absolute number, it's a change in the case definition. the change in the case definition. the change in the definition hold onto a change in the definition hold onto a change in the numbers of deaths because you apply different definition when you confirm the deaths so this is a partly statistical but partly a realisation that this is a very serious situation. it's a new disease, we don't know how it's going to unfold, so far it's been contained mainly in wuhan. there's a scattering of cases in a variety of countries and so far, it's only under ten cases recognised in the uk. at the moment, this containment phase appears to be holding the number of cases that are spreading out of china, but we don't know what's going to happen which is why we have to continue to watch carefully, share information. there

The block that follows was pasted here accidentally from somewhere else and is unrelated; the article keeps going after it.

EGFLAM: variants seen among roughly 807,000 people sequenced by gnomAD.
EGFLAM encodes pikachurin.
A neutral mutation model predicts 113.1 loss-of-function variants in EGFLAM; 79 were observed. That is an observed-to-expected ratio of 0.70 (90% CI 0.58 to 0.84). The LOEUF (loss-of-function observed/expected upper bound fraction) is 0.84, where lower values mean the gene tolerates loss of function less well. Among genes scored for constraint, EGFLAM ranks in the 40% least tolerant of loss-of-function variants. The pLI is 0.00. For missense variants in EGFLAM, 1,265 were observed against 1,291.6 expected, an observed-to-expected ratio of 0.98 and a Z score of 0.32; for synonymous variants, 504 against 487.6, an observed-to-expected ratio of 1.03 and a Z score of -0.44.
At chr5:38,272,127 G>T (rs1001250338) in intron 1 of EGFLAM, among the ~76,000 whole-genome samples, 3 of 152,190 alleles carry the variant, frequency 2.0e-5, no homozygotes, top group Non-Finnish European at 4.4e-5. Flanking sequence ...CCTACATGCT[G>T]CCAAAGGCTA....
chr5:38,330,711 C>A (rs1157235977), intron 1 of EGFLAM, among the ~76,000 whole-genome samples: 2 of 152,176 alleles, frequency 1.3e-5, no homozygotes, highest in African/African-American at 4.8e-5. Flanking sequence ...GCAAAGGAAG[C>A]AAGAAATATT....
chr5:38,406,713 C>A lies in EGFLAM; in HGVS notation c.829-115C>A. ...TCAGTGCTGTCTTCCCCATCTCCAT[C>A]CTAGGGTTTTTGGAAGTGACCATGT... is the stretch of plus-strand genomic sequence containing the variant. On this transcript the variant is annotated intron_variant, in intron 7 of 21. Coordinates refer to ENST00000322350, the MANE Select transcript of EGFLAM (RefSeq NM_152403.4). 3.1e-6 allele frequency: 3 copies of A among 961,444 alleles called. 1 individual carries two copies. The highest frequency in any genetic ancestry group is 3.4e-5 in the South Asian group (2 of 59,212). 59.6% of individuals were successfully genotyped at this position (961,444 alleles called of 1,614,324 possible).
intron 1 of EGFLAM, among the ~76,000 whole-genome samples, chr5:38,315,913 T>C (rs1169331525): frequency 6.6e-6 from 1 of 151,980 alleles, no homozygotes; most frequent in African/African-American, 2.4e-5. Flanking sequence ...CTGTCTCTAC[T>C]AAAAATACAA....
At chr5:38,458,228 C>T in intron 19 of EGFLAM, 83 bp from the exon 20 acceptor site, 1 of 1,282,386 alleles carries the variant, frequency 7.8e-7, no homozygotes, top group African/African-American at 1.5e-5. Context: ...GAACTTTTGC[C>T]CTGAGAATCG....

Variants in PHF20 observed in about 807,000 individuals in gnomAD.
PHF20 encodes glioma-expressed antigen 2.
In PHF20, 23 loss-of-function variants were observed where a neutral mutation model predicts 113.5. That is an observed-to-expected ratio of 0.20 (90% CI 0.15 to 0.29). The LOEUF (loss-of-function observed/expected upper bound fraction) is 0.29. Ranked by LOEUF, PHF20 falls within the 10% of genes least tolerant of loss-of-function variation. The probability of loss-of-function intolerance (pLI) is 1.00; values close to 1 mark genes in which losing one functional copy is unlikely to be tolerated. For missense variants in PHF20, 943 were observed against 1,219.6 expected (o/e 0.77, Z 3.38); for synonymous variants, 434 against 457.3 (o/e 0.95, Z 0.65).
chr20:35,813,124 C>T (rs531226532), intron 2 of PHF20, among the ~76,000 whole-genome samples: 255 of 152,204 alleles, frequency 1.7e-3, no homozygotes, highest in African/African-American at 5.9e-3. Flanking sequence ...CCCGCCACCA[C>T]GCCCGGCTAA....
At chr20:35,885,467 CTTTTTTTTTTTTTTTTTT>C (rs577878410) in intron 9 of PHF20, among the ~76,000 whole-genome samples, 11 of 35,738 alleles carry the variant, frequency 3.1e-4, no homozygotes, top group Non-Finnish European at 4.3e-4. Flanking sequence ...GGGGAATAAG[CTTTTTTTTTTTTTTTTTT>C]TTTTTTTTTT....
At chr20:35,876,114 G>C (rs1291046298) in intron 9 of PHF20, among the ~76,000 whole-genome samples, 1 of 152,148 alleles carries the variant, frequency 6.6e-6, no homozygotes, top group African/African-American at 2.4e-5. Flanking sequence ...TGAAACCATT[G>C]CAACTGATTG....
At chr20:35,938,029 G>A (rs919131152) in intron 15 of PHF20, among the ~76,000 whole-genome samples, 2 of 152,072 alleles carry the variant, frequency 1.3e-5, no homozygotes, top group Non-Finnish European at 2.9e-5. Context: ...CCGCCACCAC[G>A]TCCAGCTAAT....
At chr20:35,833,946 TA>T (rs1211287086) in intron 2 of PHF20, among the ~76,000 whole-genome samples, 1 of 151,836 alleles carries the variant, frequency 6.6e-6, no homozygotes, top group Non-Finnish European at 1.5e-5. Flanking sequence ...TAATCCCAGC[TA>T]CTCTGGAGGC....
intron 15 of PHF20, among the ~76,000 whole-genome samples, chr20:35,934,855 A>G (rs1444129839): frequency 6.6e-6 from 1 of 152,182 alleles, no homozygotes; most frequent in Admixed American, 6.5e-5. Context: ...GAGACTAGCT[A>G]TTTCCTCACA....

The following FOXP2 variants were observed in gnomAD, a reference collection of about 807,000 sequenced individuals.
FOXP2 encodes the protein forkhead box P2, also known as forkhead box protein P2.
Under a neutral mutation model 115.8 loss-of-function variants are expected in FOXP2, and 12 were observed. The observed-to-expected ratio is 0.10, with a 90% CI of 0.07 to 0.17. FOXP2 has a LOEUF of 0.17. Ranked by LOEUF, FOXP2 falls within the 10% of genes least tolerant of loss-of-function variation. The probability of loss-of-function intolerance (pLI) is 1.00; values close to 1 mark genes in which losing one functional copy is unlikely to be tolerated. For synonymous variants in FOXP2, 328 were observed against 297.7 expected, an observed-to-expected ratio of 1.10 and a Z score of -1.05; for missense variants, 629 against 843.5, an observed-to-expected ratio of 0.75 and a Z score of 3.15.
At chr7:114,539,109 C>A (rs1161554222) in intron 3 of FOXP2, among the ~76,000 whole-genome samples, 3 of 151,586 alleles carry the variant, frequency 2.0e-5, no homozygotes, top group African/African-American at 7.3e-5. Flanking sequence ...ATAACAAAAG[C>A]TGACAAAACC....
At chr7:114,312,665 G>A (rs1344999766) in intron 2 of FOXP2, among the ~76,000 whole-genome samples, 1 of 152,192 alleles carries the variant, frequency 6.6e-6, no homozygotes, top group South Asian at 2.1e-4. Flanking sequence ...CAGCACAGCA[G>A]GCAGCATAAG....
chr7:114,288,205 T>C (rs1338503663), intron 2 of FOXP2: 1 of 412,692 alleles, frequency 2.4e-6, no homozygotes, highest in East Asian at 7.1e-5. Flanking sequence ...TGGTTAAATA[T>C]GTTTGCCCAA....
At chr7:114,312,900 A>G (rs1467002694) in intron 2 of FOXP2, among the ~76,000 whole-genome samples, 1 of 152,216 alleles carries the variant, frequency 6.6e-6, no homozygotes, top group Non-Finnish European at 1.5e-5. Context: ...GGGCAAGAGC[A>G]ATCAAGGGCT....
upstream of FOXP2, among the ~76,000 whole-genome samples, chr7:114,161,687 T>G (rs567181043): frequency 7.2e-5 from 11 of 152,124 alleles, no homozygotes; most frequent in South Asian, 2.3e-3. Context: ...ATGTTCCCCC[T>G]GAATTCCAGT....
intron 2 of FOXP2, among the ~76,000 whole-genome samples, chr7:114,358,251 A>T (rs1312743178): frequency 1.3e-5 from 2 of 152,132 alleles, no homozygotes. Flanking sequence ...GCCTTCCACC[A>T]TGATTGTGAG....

much better at sharing information and they were with sars. the who that over the last couple days to look for the research and assess where we were with the information, not just about the virus, but about what was the treatment and how to react to the news as it comes out. and the chinese authorities have been indicating they think the epidemic will end by april. is that realistic in your view or that wishful thinking? realistic in your view or that wishfulthinking? one of realistic in your view or that wishful thinking? one of the people who's been saying this is professor chung who was part of the sars inquiry. he would have taken along with his colleagues all the information not available, look at the trends and looked at what's